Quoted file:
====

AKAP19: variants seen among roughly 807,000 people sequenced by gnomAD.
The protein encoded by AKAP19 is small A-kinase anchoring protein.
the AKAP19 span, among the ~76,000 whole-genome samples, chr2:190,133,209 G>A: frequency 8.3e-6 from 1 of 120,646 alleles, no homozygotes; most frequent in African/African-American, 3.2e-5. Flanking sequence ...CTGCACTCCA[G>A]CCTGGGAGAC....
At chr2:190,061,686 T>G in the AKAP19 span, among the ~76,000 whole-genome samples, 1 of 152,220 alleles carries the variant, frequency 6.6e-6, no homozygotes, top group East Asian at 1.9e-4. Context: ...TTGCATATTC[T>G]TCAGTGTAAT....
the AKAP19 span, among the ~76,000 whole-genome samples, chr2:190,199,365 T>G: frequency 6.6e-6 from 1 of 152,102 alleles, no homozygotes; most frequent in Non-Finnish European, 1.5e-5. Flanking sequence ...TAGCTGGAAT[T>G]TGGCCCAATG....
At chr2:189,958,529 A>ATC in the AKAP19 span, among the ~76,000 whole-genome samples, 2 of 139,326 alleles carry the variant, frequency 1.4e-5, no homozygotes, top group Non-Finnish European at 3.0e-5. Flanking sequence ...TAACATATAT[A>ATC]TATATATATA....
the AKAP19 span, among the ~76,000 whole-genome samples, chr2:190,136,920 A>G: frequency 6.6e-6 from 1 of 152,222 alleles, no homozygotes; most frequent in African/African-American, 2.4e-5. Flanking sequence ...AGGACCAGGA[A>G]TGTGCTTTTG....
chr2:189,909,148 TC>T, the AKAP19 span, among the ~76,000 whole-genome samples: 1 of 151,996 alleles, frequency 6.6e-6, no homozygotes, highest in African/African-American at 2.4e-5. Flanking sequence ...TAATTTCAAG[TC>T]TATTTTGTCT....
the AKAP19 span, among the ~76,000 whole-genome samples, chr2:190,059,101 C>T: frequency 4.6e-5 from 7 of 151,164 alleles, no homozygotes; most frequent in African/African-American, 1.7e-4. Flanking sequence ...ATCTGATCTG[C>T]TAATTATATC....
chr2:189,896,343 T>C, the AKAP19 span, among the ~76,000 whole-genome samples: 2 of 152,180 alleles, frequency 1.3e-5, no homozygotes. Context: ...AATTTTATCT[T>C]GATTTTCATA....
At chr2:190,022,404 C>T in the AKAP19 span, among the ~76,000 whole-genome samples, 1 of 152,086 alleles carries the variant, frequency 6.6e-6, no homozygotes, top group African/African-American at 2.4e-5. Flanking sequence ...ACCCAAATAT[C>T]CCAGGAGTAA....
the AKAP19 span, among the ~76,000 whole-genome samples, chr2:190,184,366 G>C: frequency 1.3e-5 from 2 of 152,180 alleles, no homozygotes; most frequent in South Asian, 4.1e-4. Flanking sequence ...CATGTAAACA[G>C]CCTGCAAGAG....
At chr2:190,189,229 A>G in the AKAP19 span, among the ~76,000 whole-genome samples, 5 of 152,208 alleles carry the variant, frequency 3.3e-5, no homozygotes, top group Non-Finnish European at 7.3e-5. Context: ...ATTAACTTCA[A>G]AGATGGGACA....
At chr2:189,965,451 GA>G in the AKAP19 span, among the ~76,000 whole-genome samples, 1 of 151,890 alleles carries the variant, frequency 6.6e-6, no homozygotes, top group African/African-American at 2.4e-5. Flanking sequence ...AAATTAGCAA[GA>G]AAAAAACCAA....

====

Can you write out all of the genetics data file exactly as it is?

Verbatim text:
AKAP19: variants seen among roughly 807,000 people sequenced by gnomAD.
The protein encoded by AKAP19 is small A-kinase anchoring protein.
the AKAP19 span, among the ~76,000 whole-genome samples, chr2:190,133,209 G>A: frequency 8.3e-6 from 1 of 120,646 alleles, no homozygotes; most frequent in African/African-American, 3.2e-5. Flanking sequence ...CTGCACTCCA[G>A]CCTGGGAGAC....
At chr2:190,061,686 T>G in the AKAP19 span, among the ~76,000 whole-genome samples, 1 of 152,220 alleles carries the variant, frequency 6.6e-6, no homozygotes, top group East Asian at 1.9e-4. Context: ...TTGCATATTC[T>G]TCAGTGTAAT....
the AKAP19 span, among the ~76,000 whole-genome samples, chr2:190,199,365 T>G: frequency 6.6e-6 from 1 of 152,102 alleles, no homozygotes; most frequent in Non-Finnish European, 1.5e-5. Flanking sequence ...TAGCTGGAAT[T>G]TGGCCCAATG....
At chr2:189,958,529 A>ATC in the AKAP19 span, among the ~76,000 whole-genome samples, 2 of 139,326 alleles carry the variant, frequency 1.4e-5, no homozygotes, top group Non-Finnish European at 3.0e-5. Flanking sequence ...TAACATATAT[A>ATC]TATATATATA....
the AKAP19 span, among the ~76,000 whole-genome samples, chr2:190,136,920 A>G: frequency 6.6e-6 from 1 of 152,222 alleles, no homozygotes; most frequent in African/African-American, 2.4e-5. Flanking sequence ...AGGACCAGGA[A>G]TGTGCTTTTG....
chr2:189,909,148 TC>T, the AKAP19 span, among the ~76,000 whole-genome samples: 1 of 151,996 alleles, frequency 6.6e-6, no homozygotes, highest in African/African-American at 2.4e-5. Flanking sequence ...TAATTTCAAG[TC>T]TATTTTGTCT....
the AKAP19 span, among the ~76,000 whole-genome samples, chr2:190,059,101 C>T: frequency 4.6e-5 from 7 of 151,164 alleles, no homozygotes; most frequent in African/African-American, 1.7e-4. Flanking sequence ...ATCTGATCTG[C>T]TAATTATATC....
chr2:189,896,343 T>C, the AKAP19 span, among the ~76,000 whole-genome samples: 2 of 152,180 alleles, frequency 1.3e-5, no homozygotes. Context: ...AATTTTATCT[T>C]GATTTTCATA....
At chr2:190,022,404 C>T in the AKAP19 span, among the ~76,000 whole-genome samples, 1 of 152,086 alleles carries the variant, frequency 6.6e-6, no homozygotes, top group African/African-American at 2.4e-5. Flanking sequence ...ACCCAAATAT[C>T]CCAGGAGTAA....
the AKAP19 span, among the ~76,000 whole-genome samples, chr2:190,184,366 G>C: frequency 1.3e-5 from 2 of 152,180 alleles, no homozygotes; most frequent in South Asian, 4.1e-4. Flanking sequence ...CATGTAAACA[G>C]CCTGCAAGAG....
At chr2:190,189,229 A>G in the AKAP19 span, among the ~76,000 whole-genome samples, 5 of 152,208 alleles carry the variant, frequency 3.3e-5, no homozygotes, top group Non-Finnish European at 7.3e-5. Context: ...ATTAACTTCA[A>G]AGATGGGACA....
At chr2:189,965,451 GA>G in the AKAP19 span, among the ~76,000 whole-genome samples, 1 of 151,890 alleles carries the variant, frequency 6.6e-6, no homozygotes, top group African/African-American at 2.4e-5. Flanking sequence ...AAATTAGCAA[GA>G]AAAAAACCAA....